Memories of a remarkable influence

Every child has someone in their life that means a whole lot to them. Parents, obviously (and hopefully) provide nurturing support to children as the progress through life.

Friends, too, play a huge role in a child’s life — both developmentally and socially.

But there’s one person in my life whose support throughout the years meant the world. We’ll call her Mrs. S.

Mrs. S was the babysitter I had from when I was in preschool through middle school. She was a retired teacher from England who lived in the town where I grew up.

As my parents worked, they couldn’t be there to get me off the bus from school. Mrs. S would be there every day to pick me up from the bus stop at the Food Lion parking lot.

Not to get too personal, but I was a child that had some pretty big anxiety issues. School sometimes could be overwhelming. I needed calm and structure when I wasn’t in school. Mrs. S provided that for me. Every day when she picked me up, she had classical music playing in her car.

I remember she was the one that picked me up from school the day of Sept. 11, 2001. As I wrote before, I was in second grade and far too young to understand what happened.

In her calming, soothing English accent, she explained to me what happened in a way that a child would understand. I was still scared, but hearing the news come from her made me think everything was going to be OK.

For nearly 10 years, she would take me to her house, where her and her husband, Mr. S, would make me a cup of tea or hot chocolate and would prepare a snack. Sometimes it was cookies, sometimes it was homemade bread, butter and jam and sometimes it was popcorn. I relished in teatime, and I try my best to continue that tradition to this day by preparing either a cup of tea or coffee around 3 p.m.

When I was younger, she would take me to the park by her house. I would play for what felt like hours on that playground. She always encouraged me to let my imagination run wild, and I remember on the days when I couldn’t go to the park I would play with the assortment of toys she had in her house. She had a building block set of which I was particularly fond.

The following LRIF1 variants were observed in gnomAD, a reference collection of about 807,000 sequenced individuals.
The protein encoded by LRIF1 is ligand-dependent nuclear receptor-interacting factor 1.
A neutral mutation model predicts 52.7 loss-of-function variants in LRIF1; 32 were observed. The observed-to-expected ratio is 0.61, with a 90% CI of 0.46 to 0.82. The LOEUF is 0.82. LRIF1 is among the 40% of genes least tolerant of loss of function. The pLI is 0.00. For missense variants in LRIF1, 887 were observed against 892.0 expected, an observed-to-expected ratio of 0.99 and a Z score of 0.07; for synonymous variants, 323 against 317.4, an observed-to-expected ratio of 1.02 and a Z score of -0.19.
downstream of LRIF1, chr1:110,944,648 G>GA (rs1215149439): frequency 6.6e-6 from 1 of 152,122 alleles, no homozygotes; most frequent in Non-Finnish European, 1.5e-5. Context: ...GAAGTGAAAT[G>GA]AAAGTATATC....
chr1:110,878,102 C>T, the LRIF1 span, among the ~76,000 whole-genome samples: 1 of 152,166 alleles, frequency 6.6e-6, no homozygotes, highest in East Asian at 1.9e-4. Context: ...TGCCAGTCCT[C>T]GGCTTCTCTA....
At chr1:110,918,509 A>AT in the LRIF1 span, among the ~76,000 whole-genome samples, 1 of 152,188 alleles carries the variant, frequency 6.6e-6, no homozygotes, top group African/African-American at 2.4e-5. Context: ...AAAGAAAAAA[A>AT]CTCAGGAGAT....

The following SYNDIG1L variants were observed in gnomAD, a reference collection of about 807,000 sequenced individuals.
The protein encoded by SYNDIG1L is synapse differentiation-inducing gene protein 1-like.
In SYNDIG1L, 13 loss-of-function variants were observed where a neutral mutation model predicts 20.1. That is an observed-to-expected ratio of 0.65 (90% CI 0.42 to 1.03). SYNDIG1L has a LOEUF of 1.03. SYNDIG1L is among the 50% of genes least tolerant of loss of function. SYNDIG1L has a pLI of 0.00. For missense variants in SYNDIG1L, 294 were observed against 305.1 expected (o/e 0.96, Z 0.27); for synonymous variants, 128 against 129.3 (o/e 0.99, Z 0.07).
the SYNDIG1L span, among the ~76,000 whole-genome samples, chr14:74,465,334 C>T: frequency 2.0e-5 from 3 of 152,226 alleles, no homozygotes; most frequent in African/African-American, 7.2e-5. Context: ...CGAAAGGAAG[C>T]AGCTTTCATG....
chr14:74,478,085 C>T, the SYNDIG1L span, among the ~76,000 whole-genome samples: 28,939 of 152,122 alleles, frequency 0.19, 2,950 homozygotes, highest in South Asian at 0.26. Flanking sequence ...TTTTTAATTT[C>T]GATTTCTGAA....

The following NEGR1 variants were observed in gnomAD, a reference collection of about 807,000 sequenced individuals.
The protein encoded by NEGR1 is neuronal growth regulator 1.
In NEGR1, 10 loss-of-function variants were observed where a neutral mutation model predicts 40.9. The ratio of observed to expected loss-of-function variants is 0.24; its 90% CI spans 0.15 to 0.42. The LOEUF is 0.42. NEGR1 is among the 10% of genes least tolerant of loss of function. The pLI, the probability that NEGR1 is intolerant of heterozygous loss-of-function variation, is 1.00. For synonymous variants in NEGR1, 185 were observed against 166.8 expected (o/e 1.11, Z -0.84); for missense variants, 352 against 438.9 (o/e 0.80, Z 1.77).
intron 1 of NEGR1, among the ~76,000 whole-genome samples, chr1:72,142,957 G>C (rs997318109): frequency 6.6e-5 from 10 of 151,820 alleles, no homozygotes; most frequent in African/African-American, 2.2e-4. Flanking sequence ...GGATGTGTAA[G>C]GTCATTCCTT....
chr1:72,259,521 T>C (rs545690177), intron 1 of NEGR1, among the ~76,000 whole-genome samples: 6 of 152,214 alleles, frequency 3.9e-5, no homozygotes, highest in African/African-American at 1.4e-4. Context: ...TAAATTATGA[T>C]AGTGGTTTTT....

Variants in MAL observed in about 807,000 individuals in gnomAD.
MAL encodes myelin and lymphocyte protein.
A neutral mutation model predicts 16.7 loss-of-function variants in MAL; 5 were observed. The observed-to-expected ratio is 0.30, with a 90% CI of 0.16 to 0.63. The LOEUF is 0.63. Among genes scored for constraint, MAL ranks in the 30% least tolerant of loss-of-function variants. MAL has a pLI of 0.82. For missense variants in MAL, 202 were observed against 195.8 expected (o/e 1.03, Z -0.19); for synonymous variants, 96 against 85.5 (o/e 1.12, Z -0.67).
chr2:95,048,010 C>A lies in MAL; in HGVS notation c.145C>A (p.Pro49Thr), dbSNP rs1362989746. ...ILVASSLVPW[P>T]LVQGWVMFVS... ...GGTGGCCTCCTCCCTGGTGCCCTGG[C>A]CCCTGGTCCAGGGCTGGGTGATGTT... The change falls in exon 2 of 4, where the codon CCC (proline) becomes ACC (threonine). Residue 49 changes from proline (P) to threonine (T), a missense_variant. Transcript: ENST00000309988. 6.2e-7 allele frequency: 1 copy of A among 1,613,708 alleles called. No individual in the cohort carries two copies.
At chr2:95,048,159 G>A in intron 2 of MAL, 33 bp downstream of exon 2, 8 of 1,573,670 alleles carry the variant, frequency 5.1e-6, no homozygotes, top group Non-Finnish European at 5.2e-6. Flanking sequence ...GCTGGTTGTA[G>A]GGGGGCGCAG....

She would make me do my homework and was always there to offer guidance and support whenever I had a question. I attribute much of my academic “success” to her guidance throughout my early years.

She would always play me classical music when I did my homework, a practice that I continue whenever I need to buckle down and focus when I was at work.

After I did my homework, she would give me a copy of the Washington Post. I would read that, learning about current events and the happenings in the world around me. When I was younger, I especially loved Kid’s Post — an insert in the Washington Post made especially for kids. If I remember correctly, it came out every Wednesday. Reading the Post at her house every day made me want to become a journalist. If it wasn’t for her, I honestly have no clue what I’d be doing today.

Over the years I saw Mrs. S less and less often. I had a busy life in high school and I worked during the summer when I was in high school and college. But I always tried to make some time to see her, even if it was just for a couple of minutes.

Mrs. S died about a year and a half ago. It was just after I moved here (but I hadn’t started at the Prevailer yet). I had dinner with my family that’s here that night to remember her. I tried to go to her funeral, but because of constraints with my then-job, I wasn’t able to.

I remember the last time I saw her. My mom was visiting family back on the East Coast and I was still living there, and me, my mom, another family and Mr. and Mrs. S went out to dinner at a restaurant in the town where I grew up. I was working for the local paper there, and we had a hurricane brush by our coast. I was soaked from covering it, and I regret that I came to dinner looking like I stood out in a hurricane all day.

Mrs. S was so happy to see me. I was equally as happy to see her. And then she made a remark about how it looked like I stood out in the rain all day. We laughed. It was a tender moment that I will always carry with me the rest of my life.

As I lived far from family when I was a kid, she and her husband were substitute grandparents. Their nurturing and support through the most delicate developmental ages shaped me into the person I am today.

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